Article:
Don’t Send Children to Schools that Refute Science Using Taxpayer Dollars

Target: Louisiana Governor Bobby Jindal

Goal: To remove schools that reject evolution from Louisiana’s taxpayer-subsidized voucher program

In an effort to provide a quality education to children who currently reside within the districts of Louisiana’s many failing public schools, Governor Jindal has backed a controversial voucher program in which taxpayer money will be used to pay tuition for these children to attend a nearby private school. Louisiana is not the first state to implement a voucher program, but what makes this program controversial is the fact that religious schools that teach creationism, rather than evolution, are included in the program.

Louisiana public schools are required to use approved textbooks for standardized teaching in all required subjects and these textbooks teach science from an evolutionary perspective. Public schools are allowed to selectively utilize supplemental teaching materials, but any books or lessons containing a religious doctrine are banned. While there is no ban specific to the teaching of creationist theory, if it is taught, it is expected to be supplemental to the teaching of evolutionary theory.

Of the 119 private schools in the voucher program, 19 openly refute the theory of evolution and one, Ascension Christian High School, states that “the learner will be expected to defend creationism through evidence presented by the Bible verses traditional scientific theory.” Another school, Northlake Christian High School, refutes fossil evidence of millions of years of life on Earth by stating that it is incompatible with the teachings of the bible and that the universe is only thousands of years old.

Louisiana will spend more than $4 million on the tuition of 750 voucher students for the 2012-2013 school year with over $600,000 going to the two schools mentioned in this petition. That’s a minimum of $600,000 in taxpayer funding going to schools where the science curriculum does not meet state requirements. Superintendent of Education, John C. White, says annual tests required of all voucher students in the 3rd through 11th grades will determine if children are getting the appropriate science education in the private school classrooms. “If students are failing the test, we’re going to intervene, and the test measures evolution,” White said, but this type of intervention will come too late if the goal of the voucher program is truly to improve the quality of the students’ education.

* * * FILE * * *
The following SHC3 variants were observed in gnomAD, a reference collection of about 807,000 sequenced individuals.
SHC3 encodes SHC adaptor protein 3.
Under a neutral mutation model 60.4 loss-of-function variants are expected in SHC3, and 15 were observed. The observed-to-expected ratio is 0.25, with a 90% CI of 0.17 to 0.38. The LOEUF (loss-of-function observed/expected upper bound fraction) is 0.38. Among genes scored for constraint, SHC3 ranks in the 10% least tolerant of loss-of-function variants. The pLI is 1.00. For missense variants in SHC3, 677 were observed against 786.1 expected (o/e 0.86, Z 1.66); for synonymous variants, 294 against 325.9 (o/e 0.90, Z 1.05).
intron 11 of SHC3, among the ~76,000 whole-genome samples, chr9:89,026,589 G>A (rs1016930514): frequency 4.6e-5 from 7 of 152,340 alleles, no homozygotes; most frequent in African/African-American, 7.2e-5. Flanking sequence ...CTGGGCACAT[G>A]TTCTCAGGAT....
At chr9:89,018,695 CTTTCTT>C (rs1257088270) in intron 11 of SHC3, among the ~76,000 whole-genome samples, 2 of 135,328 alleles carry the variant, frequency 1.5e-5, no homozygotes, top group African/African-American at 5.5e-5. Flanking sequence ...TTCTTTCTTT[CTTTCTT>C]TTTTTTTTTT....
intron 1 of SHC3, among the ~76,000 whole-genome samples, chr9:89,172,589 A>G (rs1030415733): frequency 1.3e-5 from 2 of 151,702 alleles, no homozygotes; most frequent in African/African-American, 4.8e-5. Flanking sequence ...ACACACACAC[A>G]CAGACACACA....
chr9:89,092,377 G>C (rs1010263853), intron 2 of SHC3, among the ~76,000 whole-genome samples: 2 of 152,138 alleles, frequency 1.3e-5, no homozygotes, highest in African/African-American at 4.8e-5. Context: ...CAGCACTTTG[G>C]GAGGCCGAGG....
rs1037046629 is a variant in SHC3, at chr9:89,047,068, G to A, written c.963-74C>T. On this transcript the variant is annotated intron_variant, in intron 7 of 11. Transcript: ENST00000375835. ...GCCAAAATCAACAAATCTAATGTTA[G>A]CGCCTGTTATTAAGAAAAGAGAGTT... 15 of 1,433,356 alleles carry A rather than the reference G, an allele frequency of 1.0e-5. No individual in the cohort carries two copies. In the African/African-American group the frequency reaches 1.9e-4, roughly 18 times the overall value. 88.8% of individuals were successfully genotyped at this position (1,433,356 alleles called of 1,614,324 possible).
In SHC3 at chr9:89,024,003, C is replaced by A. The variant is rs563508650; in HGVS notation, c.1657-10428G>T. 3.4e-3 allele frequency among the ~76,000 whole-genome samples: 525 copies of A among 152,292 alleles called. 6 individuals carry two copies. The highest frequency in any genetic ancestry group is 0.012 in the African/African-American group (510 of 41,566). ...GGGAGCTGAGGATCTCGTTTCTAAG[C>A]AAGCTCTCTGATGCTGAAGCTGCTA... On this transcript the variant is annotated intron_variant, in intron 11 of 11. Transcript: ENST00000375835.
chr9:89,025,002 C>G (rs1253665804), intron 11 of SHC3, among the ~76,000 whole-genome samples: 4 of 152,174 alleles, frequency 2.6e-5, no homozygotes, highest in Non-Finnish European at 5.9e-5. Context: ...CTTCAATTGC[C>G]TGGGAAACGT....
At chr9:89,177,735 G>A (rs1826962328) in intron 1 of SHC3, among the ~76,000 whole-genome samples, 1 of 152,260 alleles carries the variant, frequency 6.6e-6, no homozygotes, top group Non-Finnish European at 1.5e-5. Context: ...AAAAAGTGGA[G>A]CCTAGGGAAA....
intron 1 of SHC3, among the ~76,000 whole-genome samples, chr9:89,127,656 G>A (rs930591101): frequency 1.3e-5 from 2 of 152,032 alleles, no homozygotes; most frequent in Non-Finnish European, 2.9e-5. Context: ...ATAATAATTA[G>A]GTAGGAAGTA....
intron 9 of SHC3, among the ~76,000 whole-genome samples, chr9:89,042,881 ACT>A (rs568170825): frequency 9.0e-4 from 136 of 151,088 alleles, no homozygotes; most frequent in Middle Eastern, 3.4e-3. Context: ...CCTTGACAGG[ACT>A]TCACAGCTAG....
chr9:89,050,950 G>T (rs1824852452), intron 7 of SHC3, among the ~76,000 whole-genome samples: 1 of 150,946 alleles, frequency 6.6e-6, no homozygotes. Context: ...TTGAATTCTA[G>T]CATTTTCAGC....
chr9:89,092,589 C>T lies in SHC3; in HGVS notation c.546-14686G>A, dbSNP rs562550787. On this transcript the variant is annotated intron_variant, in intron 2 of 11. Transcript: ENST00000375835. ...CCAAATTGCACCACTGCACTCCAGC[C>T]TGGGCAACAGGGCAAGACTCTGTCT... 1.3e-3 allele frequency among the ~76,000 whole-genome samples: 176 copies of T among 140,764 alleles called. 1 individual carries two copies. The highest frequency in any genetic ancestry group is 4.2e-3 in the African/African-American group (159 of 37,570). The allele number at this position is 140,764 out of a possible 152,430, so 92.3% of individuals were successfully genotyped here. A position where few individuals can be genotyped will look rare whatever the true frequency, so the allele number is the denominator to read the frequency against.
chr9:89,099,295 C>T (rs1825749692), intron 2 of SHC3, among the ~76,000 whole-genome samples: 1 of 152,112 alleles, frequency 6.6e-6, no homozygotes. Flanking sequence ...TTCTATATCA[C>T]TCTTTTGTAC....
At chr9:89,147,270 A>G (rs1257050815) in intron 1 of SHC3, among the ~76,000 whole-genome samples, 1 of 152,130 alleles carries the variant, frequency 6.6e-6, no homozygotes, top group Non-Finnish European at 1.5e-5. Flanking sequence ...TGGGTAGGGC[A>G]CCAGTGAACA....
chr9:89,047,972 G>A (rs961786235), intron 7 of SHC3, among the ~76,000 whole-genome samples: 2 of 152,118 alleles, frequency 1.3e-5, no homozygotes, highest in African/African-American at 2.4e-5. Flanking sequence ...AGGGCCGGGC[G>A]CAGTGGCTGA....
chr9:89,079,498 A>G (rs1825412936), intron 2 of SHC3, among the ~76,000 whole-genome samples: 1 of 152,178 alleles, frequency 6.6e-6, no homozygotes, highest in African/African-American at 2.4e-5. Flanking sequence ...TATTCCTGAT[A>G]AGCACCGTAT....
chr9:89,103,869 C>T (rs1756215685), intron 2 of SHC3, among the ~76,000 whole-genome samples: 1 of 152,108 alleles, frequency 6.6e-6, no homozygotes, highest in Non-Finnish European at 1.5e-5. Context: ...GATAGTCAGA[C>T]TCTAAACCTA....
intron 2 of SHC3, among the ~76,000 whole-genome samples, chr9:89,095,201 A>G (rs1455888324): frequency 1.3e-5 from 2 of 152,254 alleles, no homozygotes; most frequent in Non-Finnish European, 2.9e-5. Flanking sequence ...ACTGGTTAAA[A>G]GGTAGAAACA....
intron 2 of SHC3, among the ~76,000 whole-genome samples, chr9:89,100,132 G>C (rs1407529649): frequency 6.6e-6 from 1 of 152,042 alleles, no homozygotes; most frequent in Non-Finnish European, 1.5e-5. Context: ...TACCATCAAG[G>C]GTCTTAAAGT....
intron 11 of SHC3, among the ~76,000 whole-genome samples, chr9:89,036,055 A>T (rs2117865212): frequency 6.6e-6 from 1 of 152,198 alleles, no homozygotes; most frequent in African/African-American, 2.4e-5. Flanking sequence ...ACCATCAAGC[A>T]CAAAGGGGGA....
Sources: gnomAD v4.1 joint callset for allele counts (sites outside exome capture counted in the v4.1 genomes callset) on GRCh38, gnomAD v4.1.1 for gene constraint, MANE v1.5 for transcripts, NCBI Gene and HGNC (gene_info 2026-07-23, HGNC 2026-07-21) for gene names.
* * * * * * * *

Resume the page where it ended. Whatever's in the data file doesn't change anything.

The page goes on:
Please ask Governor Jindal to remove private schools that do not meet the state-approved science curriculum from the voucher program.


Dear Governor Jindal,

It has come to our attention that several of the private schools set to receive taxpayer-funded vouchers for students have openly refuted evolutionary theory and refuse to teach science that contradicts the teachings of the Bible. While teaching both theories may allow learners an opportunity to explore the origin of the universe from multiple perspectives, teaching solely creationism is in direct violation of the state required science curriculum.

Superintendent White has stated that the curriculum issue will be reevaluated if and when students fail to achieve on their annual tests, but what will happen then? Will these students be uprooted again, adding further stress and academic confusion?

You have the power to set these children up for success now by mandating that all voucher-approved schools incorporate evolutionary theory in to their science curriculum.


[Your Name Here]

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  1. These know-it-alls refuse to acknowledge the scientific method and the quest for the real truth. Using antiquated tenets works against them too.

  2. Mitchell D. says:

    All the evidence, over the last century, and more, has shown Darwin’s concepts on evolution to be valid, overall. The fellow who built the Creationist museum, in Tenn., or Minn., said that that was just the motivation for the museum: “The evidence for evolution was overwhelming,” and so he believed, somehow, that the only response to that was to bury his head deeper in the sand!
    The religious need for creation concepts goes back to pre-literate mythology based on Astrology, magical thinking about what life is about.
    Louisiana will continue to be a scholastic backwater as long as the denial of science is played out!

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